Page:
One of the most visually interesting aspects of Cliff Art is the odd choice of instruments.
Here is Cliff Art performing at a wedding (no, really) and you can get a pretty good sense of the instruments (that is the dulcimer that is on the stand in front of Cliff) and even see some of the electronics. Fortunately, the amount of electronic gadgetry has been much reduced since this picture was taken (22 May 1999).
Appalachian Lap Dulcimer
The Appalachian lap dulcimer is a primitive instrument whose name gives away a lot about it. It was used extensively by the people of the Appalachian region of the Eastern United States. The original way it was played was to be placed on the performer´s lap with the strings running perpendicular to the performer´s thighs and the tuning pegs to his/her left. The strings were then strummed with the right hand and the notes were picked out using a wooden dowel in the left hand.
As with many primitive instruments, it is tuned to a particular key, so that songs in that key are relatively easy, but songs outside that key are nearly impossible. Cliff´s dulcimer is tuned to D major, in fact, the frets are placed "diatonically" so that they describe the key of D major. In other words, the first fret is not a D#, but is an E instead (the major 2nd of the key). Cliff does not use a dowel to pick out the notes, but fingers them like a guitar instead.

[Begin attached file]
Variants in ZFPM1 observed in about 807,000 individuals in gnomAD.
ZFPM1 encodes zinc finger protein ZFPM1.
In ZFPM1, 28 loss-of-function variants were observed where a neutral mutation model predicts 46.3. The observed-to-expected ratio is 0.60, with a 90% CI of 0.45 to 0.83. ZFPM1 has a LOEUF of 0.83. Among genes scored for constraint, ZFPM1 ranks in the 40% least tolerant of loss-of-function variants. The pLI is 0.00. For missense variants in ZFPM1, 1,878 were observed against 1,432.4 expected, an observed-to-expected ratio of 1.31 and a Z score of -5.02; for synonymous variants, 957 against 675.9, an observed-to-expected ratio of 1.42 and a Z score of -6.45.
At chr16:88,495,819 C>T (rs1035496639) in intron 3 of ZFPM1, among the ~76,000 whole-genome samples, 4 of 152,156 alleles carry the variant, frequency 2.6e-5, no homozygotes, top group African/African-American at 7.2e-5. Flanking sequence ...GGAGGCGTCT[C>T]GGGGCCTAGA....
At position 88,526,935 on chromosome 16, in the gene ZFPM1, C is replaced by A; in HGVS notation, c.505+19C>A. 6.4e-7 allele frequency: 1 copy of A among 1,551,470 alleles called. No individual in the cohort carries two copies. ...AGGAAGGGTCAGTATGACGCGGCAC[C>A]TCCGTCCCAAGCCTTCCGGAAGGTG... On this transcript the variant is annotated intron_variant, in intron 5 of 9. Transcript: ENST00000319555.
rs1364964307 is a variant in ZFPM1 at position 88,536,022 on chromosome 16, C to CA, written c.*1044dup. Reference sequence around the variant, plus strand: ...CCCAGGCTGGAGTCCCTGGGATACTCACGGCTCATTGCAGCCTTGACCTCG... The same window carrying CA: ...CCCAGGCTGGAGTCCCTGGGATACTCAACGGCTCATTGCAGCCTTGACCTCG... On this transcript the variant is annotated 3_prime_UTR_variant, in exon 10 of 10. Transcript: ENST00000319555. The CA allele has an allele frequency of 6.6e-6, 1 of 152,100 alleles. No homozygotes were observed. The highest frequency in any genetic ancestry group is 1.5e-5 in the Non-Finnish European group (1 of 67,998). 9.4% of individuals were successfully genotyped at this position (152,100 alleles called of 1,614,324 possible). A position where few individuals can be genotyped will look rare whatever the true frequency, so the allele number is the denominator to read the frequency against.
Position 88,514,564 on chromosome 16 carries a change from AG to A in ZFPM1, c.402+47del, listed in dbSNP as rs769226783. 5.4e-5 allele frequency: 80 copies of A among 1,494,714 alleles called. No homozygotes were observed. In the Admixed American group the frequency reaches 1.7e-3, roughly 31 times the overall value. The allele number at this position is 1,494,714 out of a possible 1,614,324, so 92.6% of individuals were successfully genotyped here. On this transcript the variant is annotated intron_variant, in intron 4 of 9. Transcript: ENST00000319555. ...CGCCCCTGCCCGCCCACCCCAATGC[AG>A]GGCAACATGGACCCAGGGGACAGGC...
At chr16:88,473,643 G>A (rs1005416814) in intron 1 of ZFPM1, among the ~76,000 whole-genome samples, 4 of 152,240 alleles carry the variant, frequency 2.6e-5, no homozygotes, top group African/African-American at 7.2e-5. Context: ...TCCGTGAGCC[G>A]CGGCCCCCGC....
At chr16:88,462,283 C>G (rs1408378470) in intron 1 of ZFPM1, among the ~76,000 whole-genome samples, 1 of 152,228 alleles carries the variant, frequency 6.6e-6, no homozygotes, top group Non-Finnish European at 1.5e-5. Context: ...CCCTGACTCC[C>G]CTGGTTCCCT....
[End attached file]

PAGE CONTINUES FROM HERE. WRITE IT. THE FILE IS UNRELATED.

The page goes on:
Here is the tuning of the dulcimer that Cliff uses:
What about the equipment?
The eight-string bass is really just a four-string bass with each string doubled. One string is tuned in the same range as a "normal" four-string bass, while the other of the doubled strings is tuned one octave higher. The result is a very bright and big sound. This is very similar to the 12-string guitar, which you might recognize from "Turn, Turn, Turn" by The Byrds.
Cliff has both an electric and acoustic 8-string bass. The electric is made by Alembic, while the acoustic was a custom job by Dave Maize.
Here is the tuning of the bass that Cliff uses:
What about the equipment?
Chapman Grand StickTM (trademark disclaimer)
The Chapman StickTM is a modern instrument that grew out of the guitar family of instruments. The Stick is designed to be tapped using the tips of the fingers on both hands at once, much like tapping the keys of a piano.
What does it look like? The instrument looks like a very wide fretboard from a guitar except that there is no guitar body. Sometimes, the group describes the instrument as a guitar that has been run through an old ringer washer, resulting in a long thin guitar.
The usual set-up for a Stick, is to have two "sides"; a high side (also called the melody side) and a low side (also called the bass side). Each side, is a complete equal set of strings. In Stuart´s case there are six strings on each side. (Stuart´s Stick is called a "Grand" Stick. There are other models with fewer strings.)
The instrument is worn in a manner much different from a guitar or bass. To wear the Stick, there is a belt hook on the back, near the bottom. Simply hook that into your belt and you are half-way there. The top is kept more or less vertical (and somewhat parallel to your body) by a strap attached to the side of the neck just below the tuning pegs (the head).